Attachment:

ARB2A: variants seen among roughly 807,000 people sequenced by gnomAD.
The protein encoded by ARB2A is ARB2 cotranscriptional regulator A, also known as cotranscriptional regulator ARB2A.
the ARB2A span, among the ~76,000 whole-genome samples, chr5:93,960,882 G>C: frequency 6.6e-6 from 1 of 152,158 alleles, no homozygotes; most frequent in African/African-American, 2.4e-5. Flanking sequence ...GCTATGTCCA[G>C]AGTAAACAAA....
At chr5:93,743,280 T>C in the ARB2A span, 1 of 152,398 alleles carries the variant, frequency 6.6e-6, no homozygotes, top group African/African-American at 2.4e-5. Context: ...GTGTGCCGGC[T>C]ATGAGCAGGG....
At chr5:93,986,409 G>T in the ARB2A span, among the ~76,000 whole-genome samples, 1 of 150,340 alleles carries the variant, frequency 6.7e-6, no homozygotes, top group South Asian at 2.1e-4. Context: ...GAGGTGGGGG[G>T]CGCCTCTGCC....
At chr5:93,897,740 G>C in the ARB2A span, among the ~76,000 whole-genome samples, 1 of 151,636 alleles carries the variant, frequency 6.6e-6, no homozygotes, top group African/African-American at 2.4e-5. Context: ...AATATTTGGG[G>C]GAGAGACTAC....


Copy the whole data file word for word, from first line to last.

ARB2A: variants seen among roughly 807,000 people sequenced by gnomAD.
The protein encoded by ARB2A is ARB2 cotranscriptional regulator A, also known as cotranscriptional regulator ARB2A.
the ARB2A span, among the ~76,000 whole-genome samples, chr5:93,960,882 G>C: frequency 6.6e-6 from 1 of 152,158 alleles, no homozygotes; most frequent in African/African-American, 2.4e-5. Flanking sequence ...GCTATGTCCA[G>C]AGTAAACAAA....
At chr5:93,743,280 T>C in the ARB2A span, 1 of 152,398 alleles carries the variant, frequency 6.6e-6, no homozygotes, top group African/African-American at 2.4e-5. Context: ...GTGTGCCGGC[T>C]ATGAGCAGGG....
At chr5:93,986,409 G>T in the ARB2A span, among the ~76,000 whole-genome samples, 1 of 150,340 alleles carries the variant, frequency 6.7e-6, no homozygotes, top group South Asian at 2.1e-4. Context: ...GAGGTGGGGG[G>T]CGCCTCTGCC....
At chr5:93,897,740 G>C in the ARB2A span, among the ~76,000 whole-genome samples, 1 of 151,636 alleles carries the variant, frequency 6.6e-6, no homozygotes, top group African/African-American at 2.4e-5. Context: ...AATATTTGGG[G>C]GAGAGACTAC....